Today we’re happy to bring you a guest post by one of our users, Maya Seaman! She’s worked as an animal trainer in the past, and has written a piece about how her knowledge of animal training affects her use of HabitRPG. Thanks, Maya!
POSITIVE REINFORCEMENT AND HABITRPG
As a former animal trainer I can honestly say humans set goals all wrong: we use too much negativity and pressure as motivators. Real-life goals take time and energy to achieve, and with no positive feedback for our efforts—if our progression continually goes unrewarded—our goals eventually seem too overwhelming or out of reach. By gamifying your life, HabitRPG helps keep working toward your goals fun, but by combining it with three simple principles of positive reinforcement training, you’ll increase your chances of building long-term habits.
1. Stay positive
HabitRPG uses positive reinforcement to help you achieve your goals by attaching rewards to real-life efforts. Even if the rewards aren’t tangible (I mean, I’m not holding my breath for that golden armor to show up in the mail any time soon), receiving encouraging acknowledgment for an action can help you want to do it again. Positive reinforcement is a form of operant conditioning used to train animal behavior. The idea is simple: the animal gets a reward for doing a behavior correctly, which stimulates the pleasure centers in the brain, thus increasing the likelihood that the behavior will occur again. With enough repetition, synaptic pathways in the brain are formed that pave the way for turning a new behavior into a true habit.
By breaking a behavior down into smaller, manageable steps, a trainer is able to positively reward the animal for its progression toward a larger behavioral goal. It’s this kind of behavioral training that makes video games so popular. People claim video games are addictive, but in truth they’re just extremely reinforcing. Video games reward you for your efforts; at every level you master new skills, collect gear, and get stronger—all of which help you achieve the goal of beating the game.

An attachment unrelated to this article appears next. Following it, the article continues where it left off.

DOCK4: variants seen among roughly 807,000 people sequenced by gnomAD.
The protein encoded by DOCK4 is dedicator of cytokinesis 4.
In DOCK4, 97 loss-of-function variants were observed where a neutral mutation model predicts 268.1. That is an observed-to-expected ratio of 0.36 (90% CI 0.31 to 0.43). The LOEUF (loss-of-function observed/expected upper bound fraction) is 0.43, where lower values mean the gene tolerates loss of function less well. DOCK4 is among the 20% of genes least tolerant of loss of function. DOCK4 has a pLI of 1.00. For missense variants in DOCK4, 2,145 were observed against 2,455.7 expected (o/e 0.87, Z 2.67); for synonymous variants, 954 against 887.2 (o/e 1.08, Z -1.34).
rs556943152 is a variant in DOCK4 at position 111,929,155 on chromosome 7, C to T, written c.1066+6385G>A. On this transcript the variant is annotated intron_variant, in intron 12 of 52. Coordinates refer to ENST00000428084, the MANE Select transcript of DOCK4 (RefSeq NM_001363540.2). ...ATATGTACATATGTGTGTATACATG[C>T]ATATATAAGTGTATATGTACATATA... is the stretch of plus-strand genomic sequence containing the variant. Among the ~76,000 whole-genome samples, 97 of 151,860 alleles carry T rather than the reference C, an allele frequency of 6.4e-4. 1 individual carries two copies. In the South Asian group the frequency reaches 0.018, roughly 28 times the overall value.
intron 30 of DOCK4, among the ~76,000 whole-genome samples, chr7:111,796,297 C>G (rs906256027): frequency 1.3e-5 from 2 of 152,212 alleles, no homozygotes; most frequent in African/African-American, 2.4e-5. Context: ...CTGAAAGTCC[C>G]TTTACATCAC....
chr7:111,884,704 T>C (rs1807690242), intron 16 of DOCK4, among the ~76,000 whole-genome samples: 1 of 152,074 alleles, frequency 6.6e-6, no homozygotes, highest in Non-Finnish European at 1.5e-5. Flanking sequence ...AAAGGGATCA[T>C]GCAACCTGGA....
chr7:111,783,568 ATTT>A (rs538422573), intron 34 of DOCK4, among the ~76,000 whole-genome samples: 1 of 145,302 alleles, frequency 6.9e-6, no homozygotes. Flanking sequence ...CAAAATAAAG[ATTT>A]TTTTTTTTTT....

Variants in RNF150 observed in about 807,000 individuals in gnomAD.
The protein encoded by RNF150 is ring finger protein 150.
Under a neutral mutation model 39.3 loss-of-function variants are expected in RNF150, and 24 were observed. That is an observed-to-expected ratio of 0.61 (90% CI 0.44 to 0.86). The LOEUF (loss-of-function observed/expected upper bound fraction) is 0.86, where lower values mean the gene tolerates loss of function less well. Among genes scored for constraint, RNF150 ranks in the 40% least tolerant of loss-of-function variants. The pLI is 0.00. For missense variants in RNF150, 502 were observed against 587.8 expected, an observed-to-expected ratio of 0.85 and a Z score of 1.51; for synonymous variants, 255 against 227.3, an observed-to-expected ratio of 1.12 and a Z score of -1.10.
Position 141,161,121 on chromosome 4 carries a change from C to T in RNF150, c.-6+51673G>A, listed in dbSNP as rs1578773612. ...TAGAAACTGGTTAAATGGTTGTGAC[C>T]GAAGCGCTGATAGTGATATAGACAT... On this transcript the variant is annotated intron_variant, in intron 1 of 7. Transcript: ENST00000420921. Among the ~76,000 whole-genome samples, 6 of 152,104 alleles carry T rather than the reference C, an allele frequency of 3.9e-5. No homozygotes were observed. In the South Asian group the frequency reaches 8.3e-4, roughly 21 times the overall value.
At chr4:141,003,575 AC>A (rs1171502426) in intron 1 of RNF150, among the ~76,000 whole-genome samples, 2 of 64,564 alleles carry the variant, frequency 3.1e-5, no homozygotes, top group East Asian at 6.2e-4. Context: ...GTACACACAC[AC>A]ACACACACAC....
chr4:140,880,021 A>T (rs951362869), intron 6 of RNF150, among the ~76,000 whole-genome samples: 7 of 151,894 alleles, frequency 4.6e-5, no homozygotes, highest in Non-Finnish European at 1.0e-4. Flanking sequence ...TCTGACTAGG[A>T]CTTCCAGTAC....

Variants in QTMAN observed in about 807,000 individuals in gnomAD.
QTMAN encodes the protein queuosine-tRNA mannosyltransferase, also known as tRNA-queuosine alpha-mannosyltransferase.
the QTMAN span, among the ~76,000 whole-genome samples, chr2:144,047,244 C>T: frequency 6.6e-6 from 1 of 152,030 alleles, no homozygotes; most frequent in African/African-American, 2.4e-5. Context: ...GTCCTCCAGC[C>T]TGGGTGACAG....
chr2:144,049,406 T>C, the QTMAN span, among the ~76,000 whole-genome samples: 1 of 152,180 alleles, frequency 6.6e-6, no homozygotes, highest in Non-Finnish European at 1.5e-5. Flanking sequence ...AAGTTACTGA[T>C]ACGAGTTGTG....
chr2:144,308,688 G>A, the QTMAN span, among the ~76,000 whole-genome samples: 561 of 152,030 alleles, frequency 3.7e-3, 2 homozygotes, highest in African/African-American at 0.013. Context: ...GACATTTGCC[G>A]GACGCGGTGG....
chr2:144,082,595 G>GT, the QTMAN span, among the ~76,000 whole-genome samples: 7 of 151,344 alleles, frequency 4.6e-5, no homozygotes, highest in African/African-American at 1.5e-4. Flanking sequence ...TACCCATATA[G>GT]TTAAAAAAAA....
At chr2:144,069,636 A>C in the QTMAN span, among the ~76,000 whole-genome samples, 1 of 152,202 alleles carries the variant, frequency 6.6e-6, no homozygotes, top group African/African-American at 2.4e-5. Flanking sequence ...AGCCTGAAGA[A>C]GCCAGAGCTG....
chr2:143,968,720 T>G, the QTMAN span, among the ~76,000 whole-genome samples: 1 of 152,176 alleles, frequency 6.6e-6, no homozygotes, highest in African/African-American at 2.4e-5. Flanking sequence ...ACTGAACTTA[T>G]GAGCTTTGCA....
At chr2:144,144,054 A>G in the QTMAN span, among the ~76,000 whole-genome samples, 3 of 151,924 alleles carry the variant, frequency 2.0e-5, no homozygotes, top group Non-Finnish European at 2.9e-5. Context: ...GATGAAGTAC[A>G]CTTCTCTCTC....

If doing laundry came with a side of health regeneration or the ability to shoot lightening from my hands, I’d do laundry all the time! Building positive associations with actions can change the way our brain chemically responds to them. It’s the same principle behind high-fives: slapping someone’s hand isn’t rewarding by itself, but the cultural meaning we’ve attached to it signifies recognition of being awesome—and who doesn’t like being awesome? Using HabitRPG is like getting a high-five for flossing your teeth. Pretty soon, your gums will be healthier, and flossing won’t feel like such a negative chore.
2. Break it Down
Breaking down large goals into manageable pieces makes them less daunting. Let’s use “lose10 lbs” as an example. While exercise is inherently good for us, it doesn’t feel rewarding until we see change in our bodies—and that can take forever (or at least feel that way).
Use HabitRPG to itemize the larger goal and reap the rewards for every successful step:
- Instead of writing “exercise” under Dailies (so you only get rewarded once for working out), write it under Habits.
- Under Dailies, list exactly what tasks you want to accomplish at the gym in individual boxes (20 push-ups, 50 crunches, 10 burpees, 30 minutes treadmill, etc.).
- Check each box after you complete each task.
- Check off “exercise” under Habits only when you’ve completed all your tasks.
- Watch it rain gold and swag.
The bonuses for streaks is an additional, built-in form of positive reinforcement for repeating an action, and how you’ll start building long-term habits. Through positive repetition, you’ll build strength and confidence in your actions, and you’ll start to naturally find them more fulfilling. Another benefit of breaking things down is as the checkbox changes color with lack of use, you can truly see what tasks you’re putting off. This highlights where you need to expend some extra effort, or break things down further.
3. Keep it real
If you’re serious about reaching your goals, make sure they’re realistic. Would I like to be able to do 100 push-ups? Yes—but first I need to build the strength to do one. Too often we set goals and forget that we actively have to work towards them—and expending energy without immediate reward (be it tangible, chemical, or psychological) is not how we’re instinctually wired. Break your goals into realistically achievable parts and only increase the difficulty level once you’ve mastered the first piece. Reward yourself for doing one push-up. When that gets easy, reward yourself for doing five.
Positively rewarding yourself along the way to a goal will help build real habits into your life by associating your actions with something affirmative. And whether you’re using HabitRPG for real-life rewards or a new set of digital golden armor, if you break your goals into smaller pieces and keep them realistically attainable, you’ll be strutting around in that shiny helmet sooner, and feel damn good about it.